The True Confessions Of Charlotte Doyle by AviUser awallpapergirl says, "More of a preteen read, but The True Confessions of Charlotte Doyle was a game changer for me. I'll state I am not someone who identifies with the feminist moniker, but I love what stories like this do for young girls in the vein of bolstering feminism. It was the first book I read that had a dainty, whiny child realizing her own grit and defining herself as a whole person outside of her gender. It was just scary enough with death and consequence, peppered with classism, racism and sexism and the ending took my preteen heart by surprise in the best way. I felt capable of anything." I've never read this book, but after that review? I'm intrigued. Buy this from Amazon
Before I Fall by Lauren OliverUser a-most-peculiar-girl says, "Before I Fall by Lauren Oliver. It makes you think about all your daily interactions with people/how you treat those around you and how even the smallest of decisions can change everything." This was recently made into a movie, but even if you've seen it, the book is still worth reading. It's a super important message for anyone growing up to pay attention to. Buy this from Amazon
Jane Eyre by Charlotte BronteUser allmyfriendsaredead_ says, "For the somewhat older teenagers: Jane Eyre by Charlotte Brontë. It's quite an easy read for a classic and I could really relate to Jane herself. Jane Eyre is one of my favorite books, but that's mostly because I read it at the right moment. Maybe it's not applicable to the more younger teenagers, since they can't relate to Jane, but I would recommend it for the 16+. I was 22/23 when I read the book, but I am not a native English speaker." Of course, you can't have a book list for girls without including at least one classic. There are a lot to choose from, but Jane Eyre is a consistent favorite. Buy this from Amazon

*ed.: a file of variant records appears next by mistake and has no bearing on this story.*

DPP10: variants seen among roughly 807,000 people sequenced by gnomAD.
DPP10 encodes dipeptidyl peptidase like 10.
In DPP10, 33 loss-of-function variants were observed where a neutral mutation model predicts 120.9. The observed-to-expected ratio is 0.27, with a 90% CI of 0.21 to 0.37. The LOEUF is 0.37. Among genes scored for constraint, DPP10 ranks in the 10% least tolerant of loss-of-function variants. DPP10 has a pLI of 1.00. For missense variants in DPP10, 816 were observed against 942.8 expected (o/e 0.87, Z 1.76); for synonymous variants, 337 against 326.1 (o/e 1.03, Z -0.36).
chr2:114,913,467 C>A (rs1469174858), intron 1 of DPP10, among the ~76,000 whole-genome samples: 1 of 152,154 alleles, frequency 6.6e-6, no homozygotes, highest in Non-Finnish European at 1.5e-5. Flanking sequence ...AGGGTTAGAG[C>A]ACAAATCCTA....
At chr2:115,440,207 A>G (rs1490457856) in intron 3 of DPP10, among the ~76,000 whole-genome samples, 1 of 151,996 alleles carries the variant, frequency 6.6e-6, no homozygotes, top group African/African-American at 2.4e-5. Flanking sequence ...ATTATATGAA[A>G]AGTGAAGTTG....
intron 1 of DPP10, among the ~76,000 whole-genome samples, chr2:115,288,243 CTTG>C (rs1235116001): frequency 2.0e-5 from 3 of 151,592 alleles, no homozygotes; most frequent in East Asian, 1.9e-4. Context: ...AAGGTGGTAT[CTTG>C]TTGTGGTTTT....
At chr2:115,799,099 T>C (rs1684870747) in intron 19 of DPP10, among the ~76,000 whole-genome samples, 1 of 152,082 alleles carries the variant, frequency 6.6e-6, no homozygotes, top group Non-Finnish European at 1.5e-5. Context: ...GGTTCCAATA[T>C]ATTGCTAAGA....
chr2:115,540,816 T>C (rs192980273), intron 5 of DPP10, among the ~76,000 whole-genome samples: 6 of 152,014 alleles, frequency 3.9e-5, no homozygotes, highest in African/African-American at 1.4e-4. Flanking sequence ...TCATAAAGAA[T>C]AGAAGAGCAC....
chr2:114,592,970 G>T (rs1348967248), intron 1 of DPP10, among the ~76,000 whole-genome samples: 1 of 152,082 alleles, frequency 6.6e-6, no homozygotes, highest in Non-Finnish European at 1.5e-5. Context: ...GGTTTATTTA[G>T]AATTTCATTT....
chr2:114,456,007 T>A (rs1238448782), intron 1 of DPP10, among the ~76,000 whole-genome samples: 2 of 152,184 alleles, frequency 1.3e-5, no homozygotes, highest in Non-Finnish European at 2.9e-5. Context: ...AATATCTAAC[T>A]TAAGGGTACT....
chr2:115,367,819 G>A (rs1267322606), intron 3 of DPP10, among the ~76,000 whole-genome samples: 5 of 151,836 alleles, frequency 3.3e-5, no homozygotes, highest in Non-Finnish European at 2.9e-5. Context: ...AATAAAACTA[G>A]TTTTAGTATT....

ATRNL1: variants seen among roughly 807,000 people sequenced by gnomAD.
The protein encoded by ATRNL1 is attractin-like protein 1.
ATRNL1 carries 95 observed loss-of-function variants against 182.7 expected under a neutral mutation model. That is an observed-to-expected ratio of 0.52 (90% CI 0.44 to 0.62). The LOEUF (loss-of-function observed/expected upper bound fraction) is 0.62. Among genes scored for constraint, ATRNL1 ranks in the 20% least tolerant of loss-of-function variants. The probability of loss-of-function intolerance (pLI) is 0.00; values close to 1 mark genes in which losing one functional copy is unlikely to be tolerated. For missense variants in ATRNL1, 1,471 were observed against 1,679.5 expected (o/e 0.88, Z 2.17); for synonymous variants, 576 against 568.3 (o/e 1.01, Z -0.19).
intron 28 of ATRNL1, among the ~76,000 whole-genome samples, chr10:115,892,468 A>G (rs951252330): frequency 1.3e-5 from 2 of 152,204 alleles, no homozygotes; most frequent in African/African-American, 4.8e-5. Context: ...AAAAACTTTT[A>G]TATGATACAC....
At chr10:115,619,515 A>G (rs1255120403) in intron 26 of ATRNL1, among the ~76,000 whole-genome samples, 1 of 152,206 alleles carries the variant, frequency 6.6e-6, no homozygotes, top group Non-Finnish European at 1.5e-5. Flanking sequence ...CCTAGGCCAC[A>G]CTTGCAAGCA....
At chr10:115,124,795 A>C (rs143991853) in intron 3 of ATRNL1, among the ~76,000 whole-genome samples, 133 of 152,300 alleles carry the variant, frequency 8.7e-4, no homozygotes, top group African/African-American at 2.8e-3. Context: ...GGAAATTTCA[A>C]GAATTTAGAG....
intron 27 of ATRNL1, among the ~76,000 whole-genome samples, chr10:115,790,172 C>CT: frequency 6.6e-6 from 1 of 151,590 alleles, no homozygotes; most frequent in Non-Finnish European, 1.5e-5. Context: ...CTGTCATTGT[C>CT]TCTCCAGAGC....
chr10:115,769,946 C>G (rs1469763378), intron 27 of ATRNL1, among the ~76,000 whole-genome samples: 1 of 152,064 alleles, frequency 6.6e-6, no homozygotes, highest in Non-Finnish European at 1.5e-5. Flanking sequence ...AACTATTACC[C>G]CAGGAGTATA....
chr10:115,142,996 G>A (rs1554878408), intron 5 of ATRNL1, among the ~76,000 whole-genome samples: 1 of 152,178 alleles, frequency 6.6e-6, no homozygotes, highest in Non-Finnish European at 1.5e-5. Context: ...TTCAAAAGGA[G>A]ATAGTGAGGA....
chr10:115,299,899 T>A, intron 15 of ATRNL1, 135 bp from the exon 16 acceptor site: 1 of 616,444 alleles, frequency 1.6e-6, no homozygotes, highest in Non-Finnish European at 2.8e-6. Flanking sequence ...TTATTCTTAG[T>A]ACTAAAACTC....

Tempests and Slaughter by Tamora PierceUser JMBobbie says, "I loved all of the Tamora Pierce books when I was younger! They're fantasy books full of strong female characters going on adventures." Any book with a legitimately strong female character is an important book for a young woman to read. It helps if it's interesting to boot! Buy this from Amazon
The Gift Of Fear by Gavin De BeckerUser CapnRaye says, "While this falls under the question, I think everyone should read this. The Gift of Fear by Gavin De Becker it's all about safety and how to avoid situations that can be dangerous. What if you are in one already? It goes over getting you out of those things too! I think it's a must read for anyone so we can all stay safe." Although this isn't a story like the other books on this list, it's definitely essential for life in this day and age. Buy this from Amazon
The Perks of Being A Wallflower by Stephen ChboskyUser holyshitnuggets says, "Hm. First thing that came to mind was Perks of Being a Wallflower, which may not be typical. I know the protagonist is male, but I think it touches upon many issues that any teenager can relate to." This is another one of those books on every single "teen girl must-read" list, and it deserves the spot. This book is such a welcome story for anyone who feels distinctly different in life. It's sad, it's important, and it's interesting. Buy this from Amazon
Which one of these books have you read already? What do you think is the best? What other book should be included? Share in the comments.